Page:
Public confession (to the church)

Acts 19:18-19 Many of those who believed now came and openly confessed their evil deeds. A number who had practiced sorcery brought their scrolls together and burned them publicly.

In cases where sin has resulted in the exclusion of a person from church membership due to unrepentance, public confession is often a prerequisite to readmission. The sinner confesses to the church his or her repentance and is received back into fellowship.

Confession: Biblical perspective

Medieval theologians invented the concept of a “treasury of merit”. This was a storehouse of all the good works of Christ, the saints, and all good Christians. Fortunately the Pope had access to this treasury of ‘surplus’ good works and could distribute these by means of indulgences to those who were not certain that they had rendered sufficient penance to take care of all the temporal punishment that they deserved. The catch is that although such indulgences were originally granted as rewards for virtuous deeds, they eventually came to be sold.

In 1095 Pope Urban II called upon all Christians to join a war against the Turks,1 promising those who died in the endeavor would receive immediate remission of their sins. 2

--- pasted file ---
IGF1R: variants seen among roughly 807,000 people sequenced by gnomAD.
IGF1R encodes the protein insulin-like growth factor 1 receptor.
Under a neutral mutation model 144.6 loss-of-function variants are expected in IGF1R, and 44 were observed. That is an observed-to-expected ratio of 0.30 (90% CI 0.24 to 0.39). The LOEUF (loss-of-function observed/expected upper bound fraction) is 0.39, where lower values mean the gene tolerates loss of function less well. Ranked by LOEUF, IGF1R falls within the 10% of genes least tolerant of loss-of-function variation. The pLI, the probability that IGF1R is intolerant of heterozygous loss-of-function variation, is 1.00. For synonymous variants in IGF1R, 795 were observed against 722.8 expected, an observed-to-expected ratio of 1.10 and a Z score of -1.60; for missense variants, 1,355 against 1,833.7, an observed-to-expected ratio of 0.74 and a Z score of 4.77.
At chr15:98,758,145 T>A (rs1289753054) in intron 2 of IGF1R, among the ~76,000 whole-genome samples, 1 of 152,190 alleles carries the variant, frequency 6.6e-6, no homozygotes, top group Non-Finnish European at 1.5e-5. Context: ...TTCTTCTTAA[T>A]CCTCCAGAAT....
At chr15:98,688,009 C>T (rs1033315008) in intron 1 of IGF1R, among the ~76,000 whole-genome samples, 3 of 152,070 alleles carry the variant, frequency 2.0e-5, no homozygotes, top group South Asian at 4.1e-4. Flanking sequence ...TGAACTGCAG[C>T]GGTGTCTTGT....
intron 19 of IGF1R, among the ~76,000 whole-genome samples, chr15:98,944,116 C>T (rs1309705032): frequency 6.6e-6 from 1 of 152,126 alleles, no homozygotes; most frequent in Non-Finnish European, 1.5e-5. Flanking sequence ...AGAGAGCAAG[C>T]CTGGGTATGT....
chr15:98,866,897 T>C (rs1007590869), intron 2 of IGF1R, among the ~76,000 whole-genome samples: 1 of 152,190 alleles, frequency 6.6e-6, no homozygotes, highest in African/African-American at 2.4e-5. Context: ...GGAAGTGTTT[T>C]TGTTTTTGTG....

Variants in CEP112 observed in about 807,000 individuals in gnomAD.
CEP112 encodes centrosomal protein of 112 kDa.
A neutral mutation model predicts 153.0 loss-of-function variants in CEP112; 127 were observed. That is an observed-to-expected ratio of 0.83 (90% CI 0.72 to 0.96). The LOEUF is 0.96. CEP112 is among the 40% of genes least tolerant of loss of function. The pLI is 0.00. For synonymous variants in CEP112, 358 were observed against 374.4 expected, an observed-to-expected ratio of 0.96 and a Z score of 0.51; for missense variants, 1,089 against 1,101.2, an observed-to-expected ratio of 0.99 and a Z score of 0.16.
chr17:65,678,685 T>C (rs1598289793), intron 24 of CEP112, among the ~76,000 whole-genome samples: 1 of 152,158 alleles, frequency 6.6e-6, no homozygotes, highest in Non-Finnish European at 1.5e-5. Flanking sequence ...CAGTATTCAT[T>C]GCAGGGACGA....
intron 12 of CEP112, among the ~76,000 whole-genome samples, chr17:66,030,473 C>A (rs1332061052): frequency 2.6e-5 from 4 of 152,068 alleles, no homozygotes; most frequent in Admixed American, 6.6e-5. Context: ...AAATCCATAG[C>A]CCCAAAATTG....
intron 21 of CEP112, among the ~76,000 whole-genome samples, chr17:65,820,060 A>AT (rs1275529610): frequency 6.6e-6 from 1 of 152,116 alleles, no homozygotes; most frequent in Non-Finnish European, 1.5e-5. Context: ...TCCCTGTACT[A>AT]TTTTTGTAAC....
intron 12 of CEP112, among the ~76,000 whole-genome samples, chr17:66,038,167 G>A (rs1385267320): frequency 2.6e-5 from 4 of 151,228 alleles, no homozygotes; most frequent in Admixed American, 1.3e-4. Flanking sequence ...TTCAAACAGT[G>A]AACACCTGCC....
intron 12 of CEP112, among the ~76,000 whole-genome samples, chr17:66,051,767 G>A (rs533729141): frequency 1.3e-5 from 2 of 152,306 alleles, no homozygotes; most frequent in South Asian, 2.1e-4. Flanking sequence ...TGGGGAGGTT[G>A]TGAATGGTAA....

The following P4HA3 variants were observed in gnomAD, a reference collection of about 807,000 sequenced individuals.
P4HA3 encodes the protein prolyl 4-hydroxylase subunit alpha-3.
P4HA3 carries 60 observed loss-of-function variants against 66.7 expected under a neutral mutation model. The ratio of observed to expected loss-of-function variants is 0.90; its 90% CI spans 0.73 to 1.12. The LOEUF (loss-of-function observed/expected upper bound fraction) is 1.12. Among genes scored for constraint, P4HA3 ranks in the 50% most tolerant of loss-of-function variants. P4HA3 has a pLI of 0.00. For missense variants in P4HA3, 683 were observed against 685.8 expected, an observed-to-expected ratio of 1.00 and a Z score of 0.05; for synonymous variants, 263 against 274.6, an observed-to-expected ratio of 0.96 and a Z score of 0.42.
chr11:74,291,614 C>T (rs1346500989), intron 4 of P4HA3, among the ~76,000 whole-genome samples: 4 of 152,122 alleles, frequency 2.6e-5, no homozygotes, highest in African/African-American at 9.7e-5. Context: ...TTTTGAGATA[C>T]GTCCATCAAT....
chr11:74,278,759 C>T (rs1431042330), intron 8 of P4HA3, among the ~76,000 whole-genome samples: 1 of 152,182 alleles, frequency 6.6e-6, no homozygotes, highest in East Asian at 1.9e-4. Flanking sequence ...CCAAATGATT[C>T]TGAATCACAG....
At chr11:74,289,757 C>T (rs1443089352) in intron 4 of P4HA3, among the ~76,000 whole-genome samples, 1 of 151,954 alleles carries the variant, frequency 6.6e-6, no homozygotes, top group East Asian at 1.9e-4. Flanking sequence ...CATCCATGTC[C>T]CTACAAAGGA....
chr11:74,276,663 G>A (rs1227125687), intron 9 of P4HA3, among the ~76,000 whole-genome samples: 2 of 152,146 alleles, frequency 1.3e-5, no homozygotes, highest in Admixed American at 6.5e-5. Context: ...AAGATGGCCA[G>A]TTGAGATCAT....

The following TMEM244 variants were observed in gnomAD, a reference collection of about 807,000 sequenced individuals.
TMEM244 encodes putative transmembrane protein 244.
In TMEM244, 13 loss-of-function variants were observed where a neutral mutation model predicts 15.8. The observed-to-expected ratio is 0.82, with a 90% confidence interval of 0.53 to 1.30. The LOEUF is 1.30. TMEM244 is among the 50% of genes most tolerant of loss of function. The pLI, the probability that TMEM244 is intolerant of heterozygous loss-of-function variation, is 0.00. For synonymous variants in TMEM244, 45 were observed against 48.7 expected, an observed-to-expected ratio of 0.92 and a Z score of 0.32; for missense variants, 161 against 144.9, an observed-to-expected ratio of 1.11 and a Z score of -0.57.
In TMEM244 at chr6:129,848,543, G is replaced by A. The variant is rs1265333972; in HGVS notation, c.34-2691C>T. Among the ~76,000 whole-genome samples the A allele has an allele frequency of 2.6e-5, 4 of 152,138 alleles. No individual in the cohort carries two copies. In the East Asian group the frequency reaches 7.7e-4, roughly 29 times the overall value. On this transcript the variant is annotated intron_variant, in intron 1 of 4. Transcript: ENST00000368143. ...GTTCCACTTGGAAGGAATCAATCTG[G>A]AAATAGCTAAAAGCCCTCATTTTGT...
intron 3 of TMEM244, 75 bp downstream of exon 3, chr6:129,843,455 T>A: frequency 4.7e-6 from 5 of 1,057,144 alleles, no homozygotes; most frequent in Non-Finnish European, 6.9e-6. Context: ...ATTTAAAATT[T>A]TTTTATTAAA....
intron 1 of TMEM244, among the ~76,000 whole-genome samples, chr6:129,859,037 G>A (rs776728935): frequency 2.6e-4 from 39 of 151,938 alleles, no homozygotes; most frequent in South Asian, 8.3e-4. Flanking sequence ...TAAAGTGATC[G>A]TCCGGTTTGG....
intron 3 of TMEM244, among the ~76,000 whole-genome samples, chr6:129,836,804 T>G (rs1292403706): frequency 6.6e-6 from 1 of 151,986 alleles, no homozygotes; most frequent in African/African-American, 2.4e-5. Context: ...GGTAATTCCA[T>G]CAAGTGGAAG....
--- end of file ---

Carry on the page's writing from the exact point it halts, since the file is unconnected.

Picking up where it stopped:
Avignon Pope John XXII (1316-34) set prices for crimes ranging from incest to sodomy.

In 1476 Pope Sixtus IV (1471-84) was first to apply indulgences to souls already in Purgatory.

Pope Innocent VIII (1484-92) granted a 20-year indulgence where for a sum, one could purchase the privilege of eating favorite dishes during Lent (i.e. the 40 day season of fasting before Easter).

1 i.e. the 1st Crusade 2 Wikipedia


Under Pope Leo X (1513-21) 1 specific prices were set for every imaginable crime e.g. a deacon accused of murder could be absolved for 20 crowns. Once pardoned, he could not be prosecuted by civil authorities.

As part of a fund-raising campaign by Leo X to finance the renovation of St. Peter’s Basilica in Rome, the Dominican friar Johannes Tetzel began selling indulgences in German lands. Albert, the Archbishop of Mainz had borrowed heavily to pay for his high church rank and was deeply in debt. He agreed to allow the sale of indulgences in his territory in exchange for a cut of the proceeds.